Wondering how to grow your cleaning business? There’s no better way than through good old-fashioned networking.
If you run a business, you know that the first key to success is in the relationships you build. Business is about people as much as it is about service. So if you’re thinking about how to grow your cleaning business, you should first think about the relationships you have, followed promptly by the relationships they might lead to.
Why think about the people? Because they are the ones who are going to go out into the world and tell others what they think about the work you’ve done for them. Especially in the age of Yelp! and other online review forums, it’s essential that you send customers away happy not just so that they’ll come back, but so that they’ll bring others with them.
How to grow your cleaning business: Online reviews
More than perhaps any other advertising method, online reviews shape how to grow your cleaning business, or at least, where you need to start. Websites like Angie’s List and Yelp! are major hubs where people go to find information about businesses they may hire.
The reviews on sites like these can make or break a business, so it’s essential to do everything you can to make sure people have something nice to say. While it’s probably true that you won’t please everyone all the time, if the majority of your reviews are positive, any negativity will go by the wayside.
How do you get positive reviews? Apart from providing outstanding service, there’s a very simple way: ask. At the conclusion of service, ask your customers about their experiences. If positive, encourage them to leave an online review. You can even offer an incentive, like a discount on services, for leaving a review. Just note that you cannot provide the incentive for ONLY good reviews; people have to be free to write any kind of review and still receive the incentive.
Angie’s List is particularly useful because of the verified reviews. Again, if you lack reviews there, just ask your best customers if they’d mind writing a review of your business. Most people will be happy to do it, especially since membership on Angie’s List is now free. If your customers like the service they receive, they’ll be glad to throw more business your way.
How to grow your cleaning business: Build rapport
To that same end, when you start looking at what makes your cleaning business thrive, building rapport with customers is always near the top of the list. To create the rapport you need to flourish, it takes more than just doing a good job. There has to be something extra, some added value that isn’t just a discount or freebie.
Ask customers questions about their experiences, make them feel cared for. Anticipate their needs and make suggestions. If they’re asking for more services than they may need, let them know your professional opinion. If customers see that you’re primary interest is their interest and not just your revenue, they’ll respect you and even more important, they’ll trust you.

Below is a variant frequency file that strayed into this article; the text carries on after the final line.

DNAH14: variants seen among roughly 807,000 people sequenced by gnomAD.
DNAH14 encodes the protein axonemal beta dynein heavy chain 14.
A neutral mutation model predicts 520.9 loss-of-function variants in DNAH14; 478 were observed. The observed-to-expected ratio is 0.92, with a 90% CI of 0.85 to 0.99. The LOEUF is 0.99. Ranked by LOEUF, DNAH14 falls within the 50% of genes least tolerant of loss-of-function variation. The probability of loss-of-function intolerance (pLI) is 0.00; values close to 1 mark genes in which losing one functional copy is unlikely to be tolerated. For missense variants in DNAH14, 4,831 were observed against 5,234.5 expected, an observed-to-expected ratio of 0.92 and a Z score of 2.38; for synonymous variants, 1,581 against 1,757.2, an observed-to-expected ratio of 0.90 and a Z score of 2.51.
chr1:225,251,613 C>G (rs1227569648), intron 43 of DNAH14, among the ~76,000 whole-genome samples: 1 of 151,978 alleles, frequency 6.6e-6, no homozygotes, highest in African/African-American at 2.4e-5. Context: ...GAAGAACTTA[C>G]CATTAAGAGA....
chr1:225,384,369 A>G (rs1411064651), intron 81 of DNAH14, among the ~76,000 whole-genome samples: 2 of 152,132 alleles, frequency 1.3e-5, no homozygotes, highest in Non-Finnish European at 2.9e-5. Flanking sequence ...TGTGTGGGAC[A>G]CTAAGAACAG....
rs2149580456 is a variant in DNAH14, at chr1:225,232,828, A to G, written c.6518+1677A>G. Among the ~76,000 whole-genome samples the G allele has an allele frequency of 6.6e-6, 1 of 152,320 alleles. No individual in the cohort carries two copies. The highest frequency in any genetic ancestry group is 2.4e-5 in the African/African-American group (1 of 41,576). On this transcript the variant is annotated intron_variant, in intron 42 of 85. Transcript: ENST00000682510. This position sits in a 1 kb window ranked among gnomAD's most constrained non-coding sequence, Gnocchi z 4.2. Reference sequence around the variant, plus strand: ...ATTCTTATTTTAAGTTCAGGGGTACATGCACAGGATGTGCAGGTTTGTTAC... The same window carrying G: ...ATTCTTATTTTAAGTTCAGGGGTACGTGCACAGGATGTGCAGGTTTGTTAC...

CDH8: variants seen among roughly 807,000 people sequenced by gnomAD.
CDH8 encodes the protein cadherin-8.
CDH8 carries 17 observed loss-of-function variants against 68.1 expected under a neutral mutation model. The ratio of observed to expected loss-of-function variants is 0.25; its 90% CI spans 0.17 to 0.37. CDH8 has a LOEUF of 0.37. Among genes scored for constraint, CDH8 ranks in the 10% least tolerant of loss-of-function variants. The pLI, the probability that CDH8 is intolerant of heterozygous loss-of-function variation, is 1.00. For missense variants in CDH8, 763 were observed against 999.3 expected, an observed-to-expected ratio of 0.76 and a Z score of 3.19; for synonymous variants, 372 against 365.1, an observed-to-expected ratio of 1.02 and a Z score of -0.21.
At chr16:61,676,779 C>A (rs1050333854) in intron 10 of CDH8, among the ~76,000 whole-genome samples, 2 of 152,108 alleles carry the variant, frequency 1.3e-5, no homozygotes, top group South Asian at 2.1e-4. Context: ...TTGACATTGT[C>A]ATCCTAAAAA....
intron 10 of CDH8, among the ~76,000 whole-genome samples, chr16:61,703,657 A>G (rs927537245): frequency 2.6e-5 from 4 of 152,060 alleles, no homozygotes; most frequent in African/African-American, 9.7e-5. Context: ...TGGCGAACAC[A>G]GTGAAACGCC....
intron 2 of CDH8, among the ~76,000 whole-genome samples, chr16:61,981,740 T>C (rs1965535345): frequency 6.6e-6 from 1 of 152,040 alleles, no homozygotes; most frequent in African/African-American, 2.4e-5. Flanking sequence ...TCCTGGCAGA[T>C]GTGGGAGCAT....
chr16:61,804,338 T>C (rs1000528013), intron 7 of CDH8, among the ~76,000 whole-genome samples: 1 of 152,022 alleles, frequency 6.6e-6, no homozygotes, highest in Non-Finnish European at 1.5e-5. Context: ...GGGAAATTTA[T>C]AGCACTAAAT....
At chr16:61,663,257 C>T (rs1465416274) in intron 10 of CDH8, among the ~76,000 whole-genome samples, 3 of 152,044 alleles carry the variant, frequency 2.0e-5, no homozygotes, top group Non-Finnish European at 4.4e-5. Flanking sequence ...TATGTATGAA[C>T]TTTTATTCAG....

Another way to build rapport is to be visible in the community. Attend local chamber of commerce events. Sponsor a charity. Partner with other businesses so you can tell your customers about each other’s services. People don’t just want to see businesses anymore; they want to see the people behind the business. The more connected you are, the more likely people will be to patronize and advertise your business.
How to grow your cleaning business: Talk it up
When you understand how to grow your cleaning business through networking, you know that it primarily boils down to talking. In many sales industries, they consider any “talk-to”— when they discuss any element of what they sell with a potential customer—a type of metric and even a small win. That’s because sales people know that every person who isn’t already a customer is a potential customer.
That doesn’t mean you should start every conversation with something about your cleaning business. That would be a deterrent. But work usually comes up for most people in casual conversation, and there’s nothing wrong with picking your acquaintance’s brain a little bit when it comes to what their needs might be. Maybe they work for a company that’s looking for a new cleaner, or maybe they hear something about your business they like that their current cleaner doesn’t do. The point is, you never know, so keep putting the word out there.
The more interpersonal you are, the more events you attend, the more charities you support, and the more positive reviews you get in the online world, the more likely you are to see (potentially substantial) growth in your business. Traditional and digital advertising certainly help, but there’s no better way to spread the word about a good thing than to get people talking about it.